Using SQL Server Stored Procedures To Prevent SQL Injection
page 1 of 6
Published: 02 Mar 2004
Unedited - Community Contributed
An often over-looked method to help prevent SQL Injection attacks is the use of parameterized stored procedures. This first article in a two-part series briefly discusses the use of a parameterized stored procedure to help prevent SQL Injection attacks during your web site logon process.
by Randy Dyess
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Why use stored procedures

It seems sometimes that every time you turn around you see a new article concerning SQL Injection. Recently when I was brushing up on my ASP to create www.Database-Security.Info, I found out why SQL Injection seems to be a reoccurring problem within ASP pages. Most of the basic examples found on the web and in books during my studies would lead any beginning ASP programmer to create pages just ripe for SQL Injection. It was this problem of overly simplified examples that lead me to create this two-part series to give web developers a chance to look at another way of lessening the threat of SQL Injection; parameterized stored procedures. Keep in mind that both of these articles are using ASP with SQL Server 2000 as the back-end, but you should be able to apply the basic concepts to any back-end platform that has the ability to parameterize its stored procedures. Also keep in mind that many of the articles advocate validating any data received from users before utilizing that data in your processes, you should still perform validation on any user input data even if you are utilizing parameterized stored procedures. This series of articles will explain the basic of using parameterized stored procedures to show you that even if you missed something during your input cleanup, you can still protect yourself by using stored procedures.

Being a DBA at heart and training, it did not take much of a leap for me to move from the embedded SQL found in most ASP pages to stored procedures for my own pages. What I found during this transition was one major benefit: Parameterized stored procedures are a great method to lessen chances of SQL Injection. Yes, you should still validate user input and watch how you use parameterized stored procedures, but if you do these two steps you can almost eliminate the threat from SQL Injection.

In this series of articles I would like to show two examples of how parameterized stored procedures should lessen the threat of SQL Injection. The article will cover the ever-present Logon screen and how it is often used to attack a web site with SQL Injection. The second article will cover a more complex method of utilizing stored procedure parameters to create a dynamic stored procedure for a search screen.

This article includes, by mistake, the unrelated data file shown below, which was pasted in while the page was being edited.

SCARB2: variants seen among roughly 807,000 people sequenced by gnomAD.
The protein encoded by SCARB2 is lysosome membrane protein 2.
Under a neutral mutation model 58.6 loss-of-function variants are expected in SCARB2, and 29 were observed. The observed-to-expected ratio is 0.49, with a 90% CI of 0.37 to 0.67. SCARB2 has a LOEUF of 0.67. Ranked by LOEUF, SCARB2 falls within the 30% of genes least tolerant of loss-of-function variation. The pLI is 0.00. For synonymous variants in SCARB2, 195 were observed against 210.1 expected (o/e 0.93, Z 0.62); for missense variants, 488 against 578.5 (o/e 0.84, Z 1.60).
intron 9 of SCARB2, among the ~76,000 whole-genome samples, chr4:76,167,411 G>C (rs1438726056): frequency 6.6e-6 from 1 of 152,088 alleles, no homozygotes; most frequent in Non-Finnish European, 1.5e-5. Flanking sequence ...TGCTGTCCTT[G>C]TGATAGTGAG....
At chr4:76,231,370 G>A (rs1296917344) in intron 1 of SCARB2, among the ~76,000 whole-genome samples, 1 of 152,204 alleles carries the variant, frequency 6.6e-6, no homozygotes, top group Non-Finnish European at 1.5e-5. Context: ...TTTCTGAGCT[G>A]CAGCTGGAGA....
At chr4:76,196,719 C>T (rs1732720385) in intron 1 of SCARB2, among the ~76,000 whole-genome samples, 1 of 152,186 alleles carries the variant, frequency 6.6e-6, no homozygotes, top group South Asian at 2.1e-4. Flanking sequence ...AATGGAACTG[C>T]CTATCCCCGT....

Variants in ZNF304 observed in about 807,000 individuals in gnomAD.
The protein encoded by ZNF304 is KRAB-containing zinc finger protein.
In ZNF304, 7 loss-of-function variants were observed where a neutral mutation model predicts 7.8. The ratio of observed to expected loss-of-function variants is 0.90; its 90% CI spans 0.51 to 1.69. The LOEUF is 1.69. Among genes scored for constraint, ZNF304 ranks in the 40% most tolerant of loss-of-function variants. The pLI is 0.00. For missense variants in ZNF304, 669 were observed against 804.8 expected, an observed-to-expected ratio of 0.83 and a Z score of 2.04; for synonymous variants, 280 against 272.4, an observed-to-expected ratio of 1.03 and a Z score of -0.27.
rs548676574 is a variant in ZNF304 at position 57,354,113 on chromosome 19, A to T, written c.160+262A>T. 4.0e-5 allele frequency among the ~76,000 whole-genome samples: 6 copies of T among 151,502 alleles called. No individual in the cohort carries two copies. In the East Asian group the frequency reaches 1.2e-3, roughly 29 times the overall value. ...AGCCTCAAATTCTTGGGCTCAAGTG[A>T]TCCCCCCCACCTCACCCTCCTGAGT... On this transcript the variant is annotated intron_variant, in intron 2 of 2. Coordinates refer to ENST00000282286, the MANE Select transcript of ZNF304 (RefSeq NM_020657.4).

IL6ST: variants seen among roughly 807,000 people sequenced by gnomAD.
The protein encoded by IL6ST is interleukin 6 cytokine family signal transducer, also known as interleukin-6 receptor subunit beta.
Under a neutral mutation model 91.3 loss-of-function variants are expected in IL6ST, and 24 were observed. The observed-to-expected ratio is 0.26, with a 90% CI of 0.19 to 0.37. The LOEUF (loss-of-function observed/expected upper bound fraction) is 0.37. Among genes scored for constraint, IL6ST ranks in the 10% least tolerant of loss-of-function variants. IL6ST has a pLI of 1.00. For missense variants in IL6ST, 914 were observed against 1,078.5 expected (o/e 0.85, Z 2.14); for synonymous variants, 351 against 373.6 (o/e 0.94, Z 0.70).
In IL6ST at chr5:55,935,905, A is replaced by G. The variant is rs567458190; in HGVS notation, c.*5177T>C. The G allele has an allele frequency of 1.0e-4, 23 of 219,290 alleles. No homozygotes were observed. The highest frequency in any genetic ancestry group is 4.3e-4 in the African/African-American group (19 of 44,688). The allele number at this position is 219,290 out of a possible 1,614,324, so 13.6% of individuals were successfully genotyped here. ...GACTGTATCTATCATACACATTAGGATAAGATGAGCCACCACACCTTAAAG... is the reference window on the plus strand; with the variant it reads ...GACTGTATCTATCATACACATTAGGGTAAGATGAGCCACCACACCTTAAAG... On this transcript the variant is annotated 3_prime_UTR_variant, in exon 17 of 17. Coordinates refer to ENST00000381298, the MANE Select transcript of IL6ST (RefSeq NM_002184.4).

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Title: Mr   
Name: David MD
Date: 2009-11-24 3:35:03 AM
So where exactly do I write these stored procedures? in the SQL or
Title: God   
Name: Joe
Date: 2008-05-14 3:09:15 PM
' or 1=1 --
Title: Mr.   
Name: CSC
Date: 2007-05-17 3:21:16 PM
Good article, should then cover some basic validation. For those still wanting to use passed in SQL lest we forget that stored procs in SQL are pre compiled and the passed in string does not have to be parsed by the Query Analyzer which then has to build an execution plan. For a stored proc the execution plan is already compiled and in cache. Also a great follow up may be using OUTPUT parameters whenever returning only one row of data and how this can be up to 10x or more faster than using a recordset object for a single row.
Title: Mr.   
Name: Nikhil
Date: 2007-03-27 9:03:38 PM
really good. made very easy and comprehensive.
Title: SQL Injection works without stored procedures too   
Name: Adi
Date: 2006-07-18 3:45:02 PM
good basic aricle
Title: stored procedure   
Name: prakash
Date: 2006-05-21 12:54:48 AM
please its not sufficient.u must go through details from the begining.
Title: Setting Paramters for Stored Procedures   
Name: Dirty Sanchez
Date: 2004-09-15 2:50:17 PM
In the line:
SET objParam = objConn.CreateParameter("@strLogin",200, 1, 50)
What are the 200, 1, 50 doing?


Title: SQL Injection works without stored procedures too   
Name: Sid
Date: 2004-06-15 10:38:35 AM
It may be worthwhile to note that you do not have to use a stored procedure in order to use parameters. Here's an example:

Set cmd = Server.CreateObject("ADODB.Command")
Set rs = Server.CreateObject("ADODB.Recordset")
sql = "SELECT pkUserId FROM Users WHERE email = @email AND password = @password"

cmd.CommandText = sql
Set param = cmd.CreateParameter("@email", adVarChar, adParamInput, 255, Request.Form("txtEmail"))
cmd.Parameters.Append param
Set param = cmd.CreateParameter("@password", adVarChar, adParamInput, 255, Request.Form("txtPassword"))
cmd.Parameters.Append param
cmd.ActiveConnection = con

Set rs = cmd.Execute

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